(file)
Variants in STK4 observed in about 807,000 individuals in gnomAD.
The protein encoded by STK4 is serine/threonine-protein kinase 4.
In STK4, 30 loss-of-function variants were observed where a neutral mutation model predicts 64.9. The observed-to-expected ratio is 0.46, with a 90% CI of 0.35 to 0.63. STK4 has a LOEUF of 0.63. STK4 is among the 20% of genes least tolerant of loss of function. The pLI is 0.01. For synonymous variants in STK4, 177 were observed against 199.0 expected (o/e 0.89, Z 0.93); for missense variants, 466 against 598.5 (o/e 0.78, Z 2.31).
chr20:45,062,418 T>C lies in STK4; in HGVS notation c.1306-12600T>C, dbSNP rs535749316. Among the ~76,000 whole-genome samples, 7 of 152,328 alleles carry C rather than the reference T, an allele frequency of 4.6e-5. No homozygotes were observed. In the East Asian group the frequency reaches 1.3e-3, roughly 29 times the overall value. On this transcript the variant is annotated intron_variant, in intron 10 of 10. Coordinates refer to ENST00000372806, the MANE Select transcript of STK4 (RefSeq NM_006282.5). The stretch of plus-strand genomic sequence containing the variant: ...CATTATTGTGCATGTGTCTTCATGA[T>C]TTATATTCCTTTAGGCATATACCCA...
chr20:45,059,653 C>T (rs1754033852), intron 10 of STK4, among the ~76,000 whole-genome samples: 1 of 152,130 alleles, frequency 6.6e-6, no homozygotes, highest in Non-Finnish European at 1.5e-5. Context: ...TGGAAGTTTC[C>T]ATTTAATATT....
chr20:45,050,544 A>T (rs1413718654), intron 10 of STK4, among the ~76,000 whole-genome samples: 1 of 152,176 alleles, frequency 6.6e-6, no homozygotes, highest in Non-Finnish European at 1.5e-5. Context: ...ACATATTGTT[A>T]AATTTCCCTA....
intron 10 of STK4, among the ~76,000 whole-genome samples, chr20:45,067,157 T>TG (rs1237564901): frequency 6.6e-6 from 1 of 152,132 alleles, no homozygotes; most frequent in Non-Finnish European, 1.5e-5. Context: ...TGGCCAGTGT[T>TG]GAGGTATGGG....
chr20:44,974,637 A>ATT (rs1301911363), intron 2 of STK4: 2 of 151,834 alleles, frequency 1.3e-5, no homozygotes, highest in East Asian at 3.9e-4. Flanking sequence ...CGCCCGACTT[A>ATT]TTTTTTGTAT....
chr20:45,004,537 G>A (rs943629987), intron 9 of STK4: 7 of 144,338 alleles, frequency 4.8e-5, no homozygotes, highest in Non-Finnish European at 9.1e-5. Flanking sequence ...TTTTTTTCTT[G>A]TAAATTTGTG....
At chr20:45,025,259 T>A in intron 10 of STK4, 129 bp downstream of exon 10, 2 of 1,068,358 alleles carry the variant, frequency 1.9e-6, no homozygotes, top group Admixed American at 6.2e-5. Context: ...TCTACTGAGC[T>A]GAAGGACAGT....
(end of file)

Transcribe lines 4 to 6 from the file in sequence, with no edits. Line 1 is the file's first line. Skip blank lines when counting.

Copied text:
chr20:45,062,418 T>C lies in STK4; in HGVS notation c.1306-12600T>C, dbSNP rs535749316. Among the ~76,000 whole-genome samples, 7 of 152,328 alleles carry C rather than the reference T, an allele frequency of 4.6e-5. No homozygotes were observed. In the East Asian group the frequency reaches 1.3e-3, roughly 29 times the overall value. On this transcript the variant is annotated intron_variant, in intron 10 of 10. Coordinates refer to ENST00000372806, the MANE Select transcript of STK4 (RefSeq NM_006282.5). The stretch of plus-strand genomic sequence containing the variant: ...CATTATTGTGCATGTGTCTTCATGA[T>C]TTATATTCCTTTAGGCATATACCCA...
chr20:45,059,653 C>T (rs1754033852), intron 10 of STK4, among the ~76,000 whole-genome samples: 1 of 152,130 alleles, frequency 6.6e-6, no homozygotes, highest in Non-Finnish European at 1.5e-5. Context: ...TGGAAGTTTC[C>T]ATTTAATATT....
chr20:45,050,544 A>T (rs1413718654), intron 10 of STK4, among the ~76,000 whole-genome samples: 1 of 152,176 alleles, frequency 6.6e-6, no homozygotes, highest in Non-Finnish European at 1.5e-5. Context: ...ACATATTGTT[A>T]AATTTCCCTA....